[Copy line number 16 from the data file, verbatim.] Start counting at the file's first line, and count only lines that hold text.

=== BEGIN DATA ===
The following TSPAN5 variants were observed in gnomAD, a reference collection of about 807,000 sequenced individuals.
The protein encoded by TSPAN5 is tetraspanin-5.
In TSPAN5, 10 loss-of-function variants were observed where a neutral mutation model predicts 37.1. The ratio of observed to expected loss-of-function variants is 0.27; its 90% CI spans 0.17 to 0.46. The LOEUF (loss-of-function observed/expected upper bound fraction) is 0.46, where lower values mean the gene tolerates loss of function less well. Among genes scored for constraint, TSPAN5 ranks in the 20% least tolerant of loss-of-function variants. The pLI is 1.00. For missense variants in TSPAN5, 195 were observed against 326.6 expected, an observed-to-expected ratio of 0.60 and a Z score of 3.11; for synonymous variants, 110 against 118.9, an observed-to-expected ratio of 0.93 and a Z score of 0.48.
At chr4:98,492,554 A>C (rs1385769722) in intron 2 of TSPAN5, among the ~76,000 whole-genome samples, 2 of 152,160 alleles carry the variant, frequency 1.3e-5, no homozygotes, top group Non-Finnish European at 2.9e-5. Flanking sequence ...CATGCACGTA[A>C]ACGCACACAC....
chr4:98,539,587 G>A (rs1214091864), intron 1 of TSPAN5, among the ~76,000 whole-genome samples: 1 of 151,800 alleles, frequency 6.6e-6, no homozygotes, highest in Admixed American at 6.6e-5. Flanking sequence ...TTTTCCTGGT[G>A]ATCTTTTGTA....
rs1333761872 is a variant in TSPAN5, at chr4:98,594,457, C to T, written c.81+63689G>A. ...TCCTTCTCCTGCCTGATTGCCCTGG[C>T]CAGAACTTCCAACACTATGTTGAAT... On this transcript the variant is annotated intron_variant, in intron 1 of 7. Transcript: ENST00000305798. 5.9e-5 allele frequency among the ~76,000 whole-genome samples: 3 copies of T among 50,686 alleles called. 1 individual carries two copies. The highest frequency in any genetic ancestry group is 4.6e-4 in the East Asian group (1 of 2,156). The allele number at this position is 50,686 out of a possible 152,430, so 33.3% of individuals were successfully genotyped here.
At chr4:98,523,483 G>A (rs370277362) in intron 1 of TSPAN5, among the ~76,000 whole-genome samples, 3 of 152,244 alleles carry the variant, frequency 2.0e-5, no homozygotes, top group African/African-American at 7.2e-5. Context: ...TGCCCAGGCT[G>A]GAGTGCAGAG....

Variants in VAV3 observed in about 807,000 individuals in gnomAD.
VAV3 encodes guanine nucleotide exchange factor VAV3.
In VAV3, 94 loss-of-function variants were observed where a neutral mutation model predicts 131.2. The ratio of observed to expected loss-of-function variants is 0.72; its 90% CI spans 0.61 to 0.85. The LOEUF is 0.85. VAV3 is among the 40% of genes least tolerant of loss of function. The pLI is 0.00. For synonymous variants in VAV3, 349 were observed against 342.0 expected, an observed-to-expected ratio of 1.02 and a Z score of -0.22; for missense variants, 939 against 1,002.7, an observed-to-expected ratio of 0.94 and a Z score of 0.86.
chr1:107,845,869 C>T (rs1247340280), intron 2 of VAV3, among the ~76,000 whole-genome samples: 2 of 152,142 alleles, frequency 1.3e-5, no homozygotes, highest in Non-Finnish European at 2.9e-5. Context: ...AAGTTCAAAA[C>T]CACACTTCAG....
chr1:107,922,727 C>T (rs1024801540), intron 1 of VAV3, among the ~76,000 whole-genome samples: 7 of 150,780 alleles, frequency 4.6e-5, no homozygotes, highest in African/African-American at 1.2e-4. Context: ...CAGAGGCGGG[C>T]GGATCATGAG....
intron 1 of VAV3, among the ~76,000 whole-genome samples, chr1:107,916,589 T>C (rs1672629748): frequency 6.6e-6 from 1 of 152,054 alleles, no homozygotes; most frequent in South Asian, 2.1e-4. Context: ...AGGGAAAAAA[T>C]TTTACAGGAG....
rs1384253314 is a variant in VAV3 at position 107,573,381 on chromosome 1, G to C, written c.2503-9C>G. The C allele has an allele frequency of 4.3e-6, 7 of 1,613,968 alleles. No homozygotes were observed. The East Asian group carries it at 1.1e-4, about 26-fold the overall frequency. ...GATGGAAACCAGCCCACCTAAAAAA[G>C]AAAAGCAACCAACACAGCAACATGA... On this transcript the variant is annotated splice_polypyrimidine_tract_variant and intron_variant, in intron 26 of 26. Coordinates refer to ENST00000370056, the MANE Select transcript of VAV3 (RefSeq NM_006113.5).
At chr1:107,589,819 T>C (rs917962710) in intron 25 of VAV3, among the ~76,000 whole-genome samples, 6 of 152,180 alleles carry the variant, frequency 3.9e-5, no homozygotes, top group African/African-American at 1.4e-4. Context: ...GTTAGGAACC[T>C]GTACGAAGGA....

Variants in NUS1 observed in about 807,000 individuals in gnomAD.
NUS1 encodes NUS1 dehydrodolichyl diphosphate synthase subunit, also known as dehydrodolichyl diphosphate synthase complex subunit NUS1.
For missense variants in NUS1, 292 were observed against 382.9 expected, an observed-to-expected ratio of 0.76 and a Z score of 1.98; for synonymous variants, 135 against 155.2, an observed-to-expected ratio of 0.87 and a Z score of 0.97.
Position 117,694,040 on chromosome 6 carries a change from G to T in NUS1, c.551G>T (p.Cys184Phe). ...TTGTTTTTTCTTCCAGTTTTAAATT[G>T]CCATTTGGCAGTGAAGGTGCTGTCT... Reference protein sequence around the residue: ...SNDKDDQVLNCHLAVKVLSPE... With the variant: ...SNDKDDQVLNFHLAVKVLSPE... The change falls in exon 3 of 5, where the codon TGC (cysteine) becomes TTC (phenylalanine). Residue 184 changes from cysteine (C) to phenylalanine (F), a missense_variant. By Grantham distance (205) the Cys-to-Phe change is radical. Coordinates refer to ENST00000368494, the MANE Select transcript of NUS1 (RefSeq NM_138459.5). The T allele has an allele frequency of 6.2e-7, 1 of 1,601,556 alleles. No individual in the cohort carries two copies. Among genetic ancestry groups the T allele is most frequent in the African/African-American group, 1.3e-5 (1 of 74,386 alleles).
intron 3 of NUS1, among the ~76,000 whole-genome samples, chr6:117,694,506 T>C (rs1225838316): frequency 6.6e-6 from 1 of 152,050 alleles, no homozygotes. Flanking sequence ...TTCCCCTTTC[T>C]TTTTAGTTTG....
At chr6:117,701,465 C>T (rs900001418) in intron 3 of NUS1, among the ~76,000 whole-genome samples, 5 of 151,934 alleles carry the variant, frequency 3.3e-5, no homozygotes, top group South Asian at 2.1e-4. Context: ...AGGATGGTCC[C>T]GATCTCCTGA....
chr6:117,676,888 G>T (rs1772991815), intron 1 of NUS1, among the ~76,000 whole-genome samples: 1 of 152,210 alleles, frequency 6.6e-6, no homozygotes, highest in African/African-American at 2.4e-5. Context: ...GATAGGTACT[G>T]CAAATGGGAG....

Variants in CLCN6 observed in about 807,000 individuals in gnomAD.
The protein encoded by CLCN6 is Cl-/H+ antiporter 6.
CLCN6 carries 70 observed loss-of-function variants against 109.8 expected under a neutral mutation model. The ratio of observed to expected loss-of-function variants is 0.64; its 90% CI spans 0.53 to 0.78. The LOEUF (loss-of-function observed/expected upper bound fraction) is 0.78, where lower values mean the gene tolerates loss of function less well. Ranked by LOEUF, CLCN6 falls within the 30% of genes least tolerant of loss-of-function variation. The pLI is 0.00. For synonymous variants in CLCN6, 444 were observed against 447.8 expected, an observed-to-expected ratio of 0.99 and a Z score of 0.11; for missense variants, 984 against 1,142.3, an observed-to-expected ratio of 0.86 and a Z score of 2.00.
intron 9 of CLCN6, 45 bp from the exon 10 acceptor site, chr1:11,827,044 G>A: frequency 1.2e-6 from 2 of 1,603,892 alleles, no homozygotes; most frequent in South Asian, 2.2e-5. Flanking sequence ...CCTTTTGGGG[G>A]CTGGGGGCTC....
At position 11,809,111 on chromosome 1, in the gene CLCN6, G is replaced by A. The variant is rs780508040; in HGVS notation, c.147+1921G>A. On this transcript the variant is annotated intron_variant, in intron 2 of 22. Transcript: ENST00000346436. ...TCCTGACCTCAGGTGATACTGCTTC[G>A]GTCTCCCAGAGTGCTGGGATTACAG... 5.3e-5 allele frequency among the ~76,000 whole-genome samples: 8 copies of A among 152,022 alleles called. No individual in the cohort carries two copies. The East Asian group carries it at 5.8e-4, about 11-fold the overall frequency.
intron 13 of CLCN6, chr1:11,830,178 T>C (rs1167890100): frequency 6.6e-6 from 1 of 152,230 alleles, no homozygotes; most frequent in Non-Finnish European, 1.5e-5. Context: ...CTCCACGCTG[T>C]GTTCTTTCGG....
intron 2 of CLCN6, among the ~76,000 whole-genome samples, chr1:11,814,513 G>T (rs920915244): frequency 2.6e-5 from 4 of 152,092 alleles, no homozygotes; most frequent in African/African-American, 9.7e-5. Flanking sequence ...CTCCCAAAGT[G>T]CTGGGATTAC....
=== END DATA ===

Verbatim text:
Variants in NUS1 observed in about 807,000 individuals in gnomAD.